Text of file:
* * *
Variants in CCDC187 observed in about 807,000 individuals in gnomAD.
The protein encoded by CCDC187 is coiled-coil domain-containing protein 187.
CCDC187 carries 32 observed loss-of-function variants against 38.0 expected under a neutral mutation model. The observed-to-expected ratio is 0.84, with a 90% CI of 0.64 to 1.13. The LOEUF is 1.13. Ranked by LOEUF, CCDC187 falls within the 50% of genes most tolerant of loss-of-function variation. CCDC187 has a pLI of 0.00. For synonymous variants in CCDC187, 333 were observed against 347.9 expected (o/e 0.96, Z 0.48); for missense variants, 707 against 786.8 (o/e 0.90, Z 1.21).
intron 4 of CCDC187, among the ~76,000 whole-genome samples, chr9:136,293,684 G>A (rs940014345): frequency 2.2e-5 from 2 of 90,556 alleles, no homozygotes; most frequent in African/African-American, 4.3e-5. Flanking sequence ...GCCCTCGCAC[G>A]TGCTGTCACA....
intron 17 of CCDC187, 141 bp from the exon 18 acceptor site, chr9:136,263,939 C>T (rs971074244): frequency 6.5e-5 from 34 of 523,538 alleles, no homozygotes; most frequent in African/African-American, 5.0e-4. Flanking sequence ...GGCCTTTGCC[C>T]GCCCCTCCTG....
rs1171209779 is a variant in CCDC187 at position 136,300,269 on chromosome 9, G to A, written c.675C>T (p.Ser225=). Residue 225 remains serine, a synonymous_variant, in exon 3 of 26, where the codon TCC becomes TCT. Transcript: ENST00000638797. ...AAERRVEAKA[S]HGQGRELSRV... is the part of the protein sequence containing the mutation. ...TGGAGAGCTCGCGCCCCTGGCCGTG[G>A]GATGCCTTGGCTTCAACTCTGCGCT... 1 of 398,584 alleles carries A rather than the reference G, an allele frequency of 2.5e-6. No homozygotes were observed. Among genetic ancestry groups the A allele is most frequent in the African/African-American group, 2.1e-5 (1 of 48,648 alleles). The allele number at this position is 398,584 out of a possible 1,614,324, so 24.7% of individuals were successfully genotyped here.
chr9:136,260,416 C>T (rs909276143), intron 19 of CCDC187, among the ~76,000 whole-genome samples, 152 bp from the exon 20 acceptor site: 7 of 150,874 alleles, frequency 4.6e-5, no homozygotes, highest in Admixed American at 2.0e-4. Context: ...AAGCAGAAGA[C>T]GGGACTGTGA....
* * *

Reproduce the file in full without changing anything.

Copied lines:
Variants in CCDC187 observed in about 807,000 individuals in gnomAD.
The protein encoded by CCDC187 is coiled-coil domain-containing protein 187.
CCDC187 carries 32 observed loss-of-function variants against 38.0 expected under a neutral mutation model. The observed-to-expected ratio is 0.84, with a 90% CI of 0.64 to 1.13. The LOEUF is 1.13. Ranked by LOEUF, CCDC187 falls within the 50% of genes most tolerant of loss-of-function variation. CCDC187 has a pLI of 0.00. For synonymous variants in CCDC187, 333 were observed against 347.9 expected (o/e 0.96, Z 0.48); for missense variants, 707 against 786.8 (o/e 0.90, Z 1.21).
intron 4 of CCDC187, among the ~76,000 whole-genome samples, chr9:136,293,684 G>A (rs940014345): frequency 2.2e-5 from 2 of 90,556 alleles, no homozygotes; most frequent in African/African-American, 4.3e-5. Flanking sequence ...GCCCTCGCAC[G>A]TGCTGTCACA....
intron 17 of CCDC187, 141 bp from the exon 18 acceptor site, chr9:136,263,939 C>T (rs971074244): frequency 6.5e-5 from 34 of 523,538 alleles, no homozygotes; most frequent in African/African-American, 5.0e-4. Flanking sequence ...GGCCTTTGCC[C>T]GCCCCTCCTG....
rs1171209779 is a variant in CCDC187 at position 136,300,269 on chromosome 9, G to A, written c.675C>T (p.Ser225=). Residue 225 remains serine, a synonymous_variant, in exon 3 of 26, where the codon TCC becomes TCT. Transcript: ENST00000638797. ...AAERRVEAKA[S]HGQGRELSRV... is the part of the protein sequence containing the mutation. ...TGGAGAGCTCGCGCCCCTGGCCGTG[G>A]GATGCCTTGGCTTCAACTCTGCGCT... 1 of 398,584 alleles carries A rather than the reference G, an allele frequency of 2.5e-6. No homozygotes were observed. Among genetic ancestry groups the A allele is most frequent in the African/African-American group, 2.1e-5 (1 of 48,648 alleles). The allele number at this position is 398,584 out of a possible 1,614,324, so 24.7% of individuals were successfully genotyped here.
chr9:136,260,416 C>T (rs909276143), intron 19 of CCDC187, among the ~76,000 whole-genome samples, 152 bp from the exon 20 acceptor site: 7 of 150,874 alleles, frequency 4.6e-5, no homozygotes, highest in Admixed American at 2.0e-4. Context: ...AAGCAGAAGA[C>T]GGGACTGTGA....